Das Racist @ The Corner – 30/01/12
Das Racist are the best rappers alive.
That’s not a joke, and I’m absolutely not employing hyperbole or some metaphorical trick, I genuinely mean that, all things considered, Das Racist are the best rappers alive. I know that’s a statement that requires a little qualification though, and truthfully it’s subjective and largely depends on what you like about hip-hop and music and popular culture in general, but here are the facts: Das Racist are smarter than you. They went to Wesleyan which is where they met. Their sometimes free-associative rhymes combine pop-cult nostalgia and personal anecdotes to examine what can be loosely described as the South Asian experience in America while transgressing race, class and gender. Das Racist have more fun than you. They live in New York City and perform on TV shows with Michael Jackson impersonators. Das Racist are better looking than you, both because confidence is sexy but also because Himanshu Suri has lost a lot of weight recently so good on him.
Yet the most salient reason that Das Racist are uniquely superior is echoed by a girl I met, having asked for my lighter, outside the Corner Hotel after the show. Laura is her name, and out of a suspicion stoked by the possibly elitist belief that the people in Australia only want to see Das Racist out of comedic curiousity than genuine appreciation, I ask her what she likes about the group. She says, “Because they’re the only group who aren’t misogynistic assholes.” This segues into a discussion about sexism in hip-hop and the sanguine hope that if this one group can chip away at the glass and make other people see the cracks in the apparent necessity of misogyny in hip-hop then in the future we’ll get more groups like Das Racist: sardonic and smart and conscious of the fact that subjugating women for the sake of self-esteem is not just offensive but lazy and uncreative when there is so much more to talk about. Because it’s true: Das Racist are conscious of who they alienate and going by their records, they’re much more interested in dismantling, if not white privilege, then at least obliviousness to it, than in putting the pussy in the sarcophagus.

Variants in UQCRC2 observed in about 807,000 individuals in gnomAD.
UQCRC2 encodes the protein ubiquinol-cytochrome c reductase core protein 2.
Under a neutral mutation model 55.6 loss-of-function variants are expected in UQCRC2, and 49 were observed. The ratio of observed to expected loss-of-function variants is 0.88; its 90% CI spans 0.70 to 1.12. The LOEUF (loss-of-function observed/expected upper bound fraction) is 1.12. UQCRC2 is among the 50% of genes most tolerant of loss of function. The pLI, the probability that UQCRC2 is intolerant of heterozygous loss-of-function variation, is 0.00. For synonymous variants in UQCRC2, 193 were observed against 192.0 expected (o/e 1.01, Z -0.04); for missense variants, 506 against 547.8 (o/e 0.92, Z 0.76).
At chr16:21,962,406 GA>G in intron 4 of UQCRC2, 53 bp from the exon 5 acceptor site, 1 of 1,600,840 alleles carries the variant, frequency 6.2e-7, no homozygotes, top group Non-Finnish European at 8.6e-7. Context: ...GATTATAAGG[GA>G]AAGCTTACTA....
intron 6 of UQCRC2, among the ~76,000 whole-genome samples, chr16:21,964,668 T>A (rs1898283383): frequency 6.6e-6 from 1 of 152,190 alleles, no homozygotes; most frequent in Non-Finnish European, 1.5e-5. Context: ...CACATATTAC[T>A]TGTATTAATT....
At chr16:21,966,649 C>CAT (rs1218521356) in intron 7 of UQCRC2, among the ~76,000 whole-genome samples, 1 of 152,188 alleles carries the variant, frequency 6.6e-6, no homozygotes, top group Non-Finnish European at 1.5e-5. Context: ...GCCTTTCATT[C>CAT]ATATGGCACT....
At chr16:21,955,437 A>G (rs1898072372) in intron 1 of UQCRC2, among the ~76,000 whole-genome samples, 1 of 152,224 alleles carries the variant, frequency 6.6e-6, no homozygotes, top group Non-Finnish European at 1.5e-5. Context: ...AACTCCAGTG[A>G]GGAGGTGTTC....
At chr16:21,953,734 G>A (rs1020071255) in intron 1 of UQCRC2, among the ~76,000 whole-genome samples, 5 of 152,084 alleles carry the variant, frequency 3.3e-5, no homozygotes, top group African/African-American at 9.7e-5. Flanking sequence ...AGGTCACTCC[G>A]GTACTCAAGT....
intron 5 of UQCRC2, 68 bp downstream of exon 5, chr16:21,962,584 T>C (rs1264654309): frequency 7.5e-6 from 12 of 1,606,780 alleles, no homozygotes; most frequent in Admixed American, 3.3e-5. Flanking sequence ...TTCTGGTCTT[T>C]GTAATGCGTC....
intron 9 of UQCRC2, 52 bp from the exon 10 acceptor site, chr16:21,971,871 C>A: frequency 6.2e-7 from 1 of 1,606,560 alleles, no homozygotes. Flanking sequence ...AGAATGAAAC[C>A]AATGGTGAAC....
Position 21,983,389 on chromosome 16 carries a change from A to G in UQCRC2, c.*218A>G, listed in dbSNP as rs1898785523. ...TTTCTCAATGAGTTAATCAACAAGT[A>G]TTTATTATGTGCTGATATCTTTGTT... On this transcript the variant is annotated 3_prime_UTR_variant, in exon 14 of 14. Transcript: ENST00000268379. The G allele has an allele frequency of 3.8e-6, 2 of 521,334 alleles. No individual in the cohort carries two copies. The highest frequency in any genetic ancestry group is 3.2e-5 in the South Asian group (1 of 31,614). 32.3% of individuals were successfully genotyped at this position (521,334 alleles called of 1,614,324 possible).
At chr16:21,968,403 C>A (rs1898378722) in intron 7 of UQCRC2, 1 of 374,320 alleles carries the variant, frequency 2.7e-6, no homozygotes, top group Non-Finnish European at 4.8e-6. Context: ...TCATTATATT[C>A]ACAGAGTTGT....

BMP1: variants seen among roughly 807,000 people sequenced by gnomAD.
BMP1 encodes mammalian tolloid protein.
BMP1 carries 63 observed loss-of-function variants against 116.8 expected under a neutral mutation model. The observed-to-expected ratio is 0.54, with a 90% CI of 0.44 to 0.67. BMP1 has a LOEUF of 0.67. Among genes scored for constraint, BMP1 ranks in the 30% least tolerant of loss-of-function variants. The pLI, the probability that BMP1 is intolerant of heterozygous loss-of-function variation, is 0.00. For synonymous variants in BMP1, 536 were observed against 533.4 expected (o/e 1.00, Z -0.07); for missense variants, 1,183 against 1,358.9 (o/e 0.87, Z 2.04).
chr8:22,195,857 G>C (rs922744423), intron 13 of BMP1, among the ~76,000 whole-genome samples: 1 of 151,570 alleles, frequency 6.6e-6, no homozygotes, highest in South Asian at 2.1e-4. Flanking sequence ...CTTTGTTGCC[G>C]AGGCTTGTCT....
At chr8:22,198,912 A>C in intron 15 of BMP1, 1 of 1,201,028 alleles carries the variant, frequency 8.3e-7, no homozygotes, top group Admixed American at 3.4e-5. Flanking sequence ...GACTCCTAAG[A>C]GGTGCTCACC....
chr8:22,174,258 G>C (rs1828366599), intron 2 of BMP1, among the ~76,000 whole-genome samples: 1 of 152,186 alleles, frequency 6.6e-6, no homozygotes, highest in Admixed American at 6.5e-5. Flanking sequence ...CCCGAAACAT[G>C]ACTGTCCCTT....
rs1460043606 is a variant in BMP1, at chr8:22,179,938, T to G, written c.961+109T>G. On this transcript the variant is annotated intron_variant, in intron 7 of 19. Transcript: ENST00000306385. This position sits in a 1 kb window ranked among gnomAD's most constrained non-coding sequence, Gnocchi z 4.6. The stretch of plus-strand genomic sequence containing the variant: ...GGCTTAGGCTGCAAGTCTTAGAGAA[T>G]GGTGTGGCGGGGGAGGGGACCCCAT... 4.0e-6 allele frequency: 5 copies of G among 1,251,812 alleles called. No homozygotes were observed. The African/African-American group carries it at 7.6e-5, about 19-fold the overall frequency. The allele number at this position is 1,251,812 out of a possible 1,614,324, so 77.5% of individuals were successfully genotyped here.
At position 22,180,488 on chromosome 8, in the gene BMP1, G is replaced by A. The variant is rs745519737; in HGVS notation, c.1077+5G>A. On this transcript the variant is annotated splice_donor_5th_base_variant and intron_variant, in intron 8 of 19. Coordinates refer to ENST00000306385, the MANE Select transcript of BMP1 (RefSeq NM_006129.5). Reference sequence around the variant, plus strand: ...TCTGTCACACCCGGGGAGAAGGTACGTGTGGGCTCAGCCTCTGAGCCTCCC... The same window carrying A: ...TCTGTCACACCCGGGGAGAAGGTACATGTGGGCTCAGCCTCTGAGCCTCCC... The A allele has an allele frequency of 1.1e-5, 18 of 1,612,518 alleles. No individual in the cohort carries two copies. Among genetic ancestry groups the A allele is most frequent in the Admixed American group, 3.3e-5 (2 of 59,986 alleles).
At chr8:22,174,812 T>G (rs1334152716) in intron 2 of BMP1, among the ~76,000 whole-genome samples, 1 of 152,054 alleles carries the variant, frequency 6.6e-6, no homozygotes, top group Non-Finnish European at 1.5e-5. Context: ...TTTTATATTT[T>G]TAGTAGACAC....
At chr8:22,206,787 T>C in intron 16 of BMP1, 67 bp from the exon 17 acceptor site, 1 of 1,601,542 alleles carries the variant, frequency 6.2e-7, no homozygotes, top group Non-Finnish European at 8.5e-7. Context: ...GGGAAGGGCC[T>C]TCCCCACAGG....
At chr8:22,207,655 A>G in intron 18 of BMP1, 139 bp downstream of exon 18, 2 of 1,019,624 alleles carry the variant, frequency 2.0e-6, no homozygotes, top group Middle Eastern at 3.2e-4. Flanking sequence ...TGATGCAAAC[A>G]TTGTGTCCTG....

Das Racist originally seemed like a duo, that being Himanshu Suri and Victor Vasquez aka Heems and Kool AD, but on-stage they look almost like a four-piece. Those two shoulder the lyrical weight, of course, but the rest of the stage is filled out by hypeman Dapwell (Ashok Kondabolu) and Lakutis, another rapper in DR’s extended entourage and signed to their label GREEDHEAD. The set opens with a fifteen minute medley by Lakutis featuring material from his new EP, I’m In The Forest. Rapping with a similar flow to Das Racist, Lakutis takes the commentary that the former group are ‘joke-rap’ to the extreme with anthemic chants like “Fuck your favourite anything / I’m better than everybody”, taking the nuance out of rap braggadocio, and “I am a death shark / I am a blood eagle.” He leaps around stage with his wild brown hair swinging around his black leather jacket, looking more like one of the punks that hang around the stairs at Flinders Street Station than a hip-hop pioneer, but the subversion of those stereotypes is exactly why Das Racist are the most exciting thing that’s happened to rap music in a long time. Dap stands at the back of the stage mixing beats and looking quietly bemused. Lakutis steals a hair tie and then throws it away. The crowd is sufficiently warmed-up.